When I first read the news this month that Thomas Starzl, MD, had died, I immediately remembered the stirring description Bud Shaw, MD, wrote about training with the trailblazing transplant surgeon in the 80s.
I’ve read quite a few books by doctors and am particularly fond of memoirs. In that genre, Shaw’s book, “Last Night in the OR: A Transplant Surgeon’s Odyssey,” stands out as one of the best. And I’ve never forgotten Shaw’s description of Starzl’s intense personality.
Shaw, who went on to become a notable transplant surgeon in his own right, cut his teeth alongside Starzl at a time when liver transplants were still controversial and the physicians were on the front lines of groundbreaking and highly risky operations.
Shaw chose to open his memoir with a story from his early days training with Starzl and describes a transplant operation the team was attempting on a patient with a failing liver. In Shaw’s recounting of the events, he casts himself as a rookie fumbling clumsily through the operation while Starzl barks orders and doesn’t hold back on his critiques as Shaw shows he isn’t yet up to snuff.
It’s clear from Shaw’s description that Starzl was a force in the OR who said and did whatever it took to get the operation right. Here’s an excerpt from the first chapter of the book where Shaw, Starzl and the rest of the team are working furiously to stop the patient’s bleeding:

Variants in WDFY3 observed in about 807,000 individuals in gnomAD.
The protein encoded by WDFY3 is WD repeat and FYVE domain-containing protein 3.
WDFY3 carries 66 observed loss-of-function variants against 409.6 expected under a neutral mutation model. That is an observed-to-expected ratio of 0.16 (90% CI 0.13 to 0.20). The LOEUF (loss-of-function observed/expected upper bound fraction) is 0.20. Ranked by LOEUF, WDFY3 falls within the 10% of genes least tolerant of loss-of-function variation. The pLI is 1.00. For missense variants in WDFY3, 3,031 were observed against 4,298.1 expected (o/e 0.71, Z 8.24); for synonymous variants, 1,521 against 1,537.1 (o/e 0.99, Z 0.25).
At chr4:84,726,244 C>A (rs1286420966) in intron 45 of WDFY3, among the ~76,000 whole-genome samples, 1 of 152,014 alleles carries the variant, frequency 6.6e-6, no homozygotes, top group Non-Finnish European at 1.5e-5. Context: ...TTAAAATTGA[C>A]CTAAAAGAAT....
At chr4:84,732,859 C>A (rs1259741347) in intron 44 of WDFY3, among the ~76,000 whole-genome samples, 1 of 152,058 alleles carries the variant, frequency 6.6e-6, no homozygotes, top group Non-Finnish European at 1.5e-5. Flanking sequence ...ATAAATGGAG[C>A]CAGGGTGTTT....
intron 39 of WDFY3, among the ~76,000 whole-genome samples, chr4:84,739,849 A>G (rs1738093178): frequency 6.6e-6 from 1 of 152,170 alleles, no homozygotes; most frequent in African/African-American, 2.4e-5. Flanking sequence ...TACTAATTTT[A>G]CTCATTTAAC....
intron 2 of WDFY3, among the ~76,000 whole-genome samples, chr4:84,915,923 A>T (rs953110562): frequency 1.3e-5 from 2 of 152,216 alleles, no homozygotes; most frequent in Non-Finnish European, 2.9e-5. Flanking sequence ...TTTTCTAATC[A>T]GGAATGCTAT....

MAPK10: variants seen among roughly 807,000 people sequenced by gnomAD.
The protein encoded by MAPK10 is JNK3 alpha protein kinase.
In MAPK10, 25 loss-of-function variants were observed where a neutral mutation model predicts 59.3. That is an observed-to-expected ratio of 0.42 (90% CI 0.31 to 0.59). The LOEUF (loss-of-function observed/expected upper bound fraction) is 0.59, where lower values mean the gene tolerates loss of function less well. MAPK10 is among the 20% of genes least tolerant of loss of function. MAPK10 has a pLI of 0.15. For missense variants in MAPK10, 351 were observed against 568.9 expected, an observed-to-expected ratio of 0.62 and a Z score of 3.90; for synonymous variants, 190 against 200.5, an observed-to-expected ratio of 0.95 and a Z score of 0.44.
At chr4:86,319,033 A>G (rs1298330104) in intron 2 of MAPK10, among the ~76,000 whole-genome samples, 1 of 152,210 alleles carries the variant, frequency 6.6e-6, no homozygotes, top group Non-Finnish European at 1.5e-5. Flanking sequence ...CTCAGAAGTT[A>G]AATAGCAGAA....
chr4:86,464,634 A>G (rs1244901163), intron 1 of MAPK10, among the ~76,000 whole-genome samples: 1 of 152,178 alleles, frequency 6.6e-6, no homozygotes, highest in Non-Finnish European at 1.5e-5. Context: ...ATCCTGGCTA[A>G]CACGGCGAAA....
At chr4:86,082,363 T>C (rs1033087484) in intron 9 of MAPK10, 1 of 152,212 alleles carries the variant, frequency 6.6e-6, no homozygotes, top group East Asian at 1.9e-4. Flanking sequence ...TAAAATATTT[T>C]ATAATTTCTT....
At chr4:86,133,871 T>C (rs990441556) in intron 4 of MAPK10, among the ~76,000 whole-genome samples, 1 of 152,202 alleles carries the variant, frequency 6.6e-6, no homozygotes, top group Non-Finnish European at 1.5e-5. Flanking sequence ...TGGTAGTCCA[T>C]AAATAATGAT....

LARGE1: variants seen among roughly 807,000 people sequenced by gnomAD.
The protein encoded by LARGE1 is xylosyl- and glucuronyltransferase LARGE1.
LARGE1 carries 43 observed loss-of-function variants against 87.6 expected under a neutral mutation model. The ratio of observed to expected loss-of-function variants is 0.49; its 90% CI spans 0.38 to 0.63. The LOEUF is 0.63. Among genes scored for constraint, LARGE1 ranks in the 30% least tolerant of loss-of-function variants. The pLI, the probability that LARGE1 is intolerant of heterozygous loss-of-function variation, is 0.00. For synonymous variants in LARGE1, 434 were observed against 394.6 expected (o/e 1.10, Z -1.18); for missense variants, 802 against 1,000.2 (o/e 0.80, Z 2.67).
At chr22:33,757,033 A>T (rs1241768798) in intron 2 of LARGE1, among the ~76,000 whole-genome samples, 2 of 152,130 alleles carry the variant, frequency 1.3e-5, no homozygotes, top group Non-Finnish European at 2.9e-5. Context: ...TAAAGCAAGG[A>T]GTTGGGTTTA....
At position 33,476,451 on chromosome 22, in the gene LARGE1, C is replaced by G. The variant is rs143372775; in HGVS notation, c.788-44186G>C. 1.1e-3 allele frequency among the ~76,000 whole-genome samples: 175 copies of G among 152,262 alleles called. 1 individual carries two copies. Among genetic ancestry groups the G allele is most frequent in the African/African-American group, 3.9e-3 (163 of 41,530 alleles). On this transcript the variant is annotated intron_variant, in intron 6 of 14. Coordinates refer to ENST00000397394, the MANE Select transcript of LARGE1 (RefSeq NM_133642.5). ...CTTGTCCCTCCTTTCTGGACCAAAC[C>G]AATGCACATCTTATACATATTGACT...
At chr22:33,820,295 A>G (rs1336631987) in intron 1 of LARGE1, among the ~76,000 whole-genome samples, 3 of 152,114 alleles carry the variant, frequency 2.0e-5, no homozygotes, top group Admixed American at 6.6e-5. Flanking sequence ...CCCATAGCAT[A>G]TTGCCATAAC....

“Shit,” Starzl said and threw another stitch where I’d broken mine. This time I pulled too hard and the silk pulled out of the tissue and a blood torrent erupted. Carlos [Fernandez-Bueno] grabbed a sponge and pressed down, then got out of the way just as Starzl threw another stitch and tied it himself. He threw two more in the same spot, Carlos tied one and Shun [Iwatsuki] the other, and finally the bleeding stopped. Shun frowned at me and vaguely shook his head.
I decided I could cut the ends of the stitches after they tied them. It was a job we gave to medical students. I was a trained surgeon, and a good one by all accounts...So I grabbed a pair of scissors and cut the suture.
“Too short, goddammit,” Starzl said. “That’ll come loose and he’ll bleed to death. Is that what you want?”
He laid down another stitch and Shun tied it, four throws, and I cut it.
“That’s too long,” Starzl whined. “Come one, now, Shun. Help me. He doesn’t know what he’s doing.”
At the end of the first chapter Shaw circles back to that night in the OR with Starzl. Despite Starzl’s terse language and insulting jabs, Shaw’s reverence for his mentor was high. It’s clear that Shaw took the opportunity of recalling his early struggles in the OR to illustrate how out of his league he was — and to highlight how much of his training and career he owed to Starzl.
The end of the chapter reads:
Sometimes I’d try to help and lean in just a little and I’d bump Starzl’s arm or his shoulder and he’d give me a hip check or an elbow to the chest. I didn’t think it was intentional. Protecting his space was instinctual.
That first night, I couldn’t yet see the pattern in anything we did. Often, Starzl just grabbed whatever hand was close by and shoved it where he wanted it, with no apparent regard for whose hand it was or what else it ought to do. “Shitfuckgoddamn,” he’d hiss. “I can’t see.” “Don’t hinder me, help me,” he’d say when someone tried to help and failed. That was my initiation to the operating room of Dr. Thomas Starzl, and although I didn’t know it at the time, these were but a few of the phrases I would learn to hate and mock and, in the distance of time and place, yearn to hear again.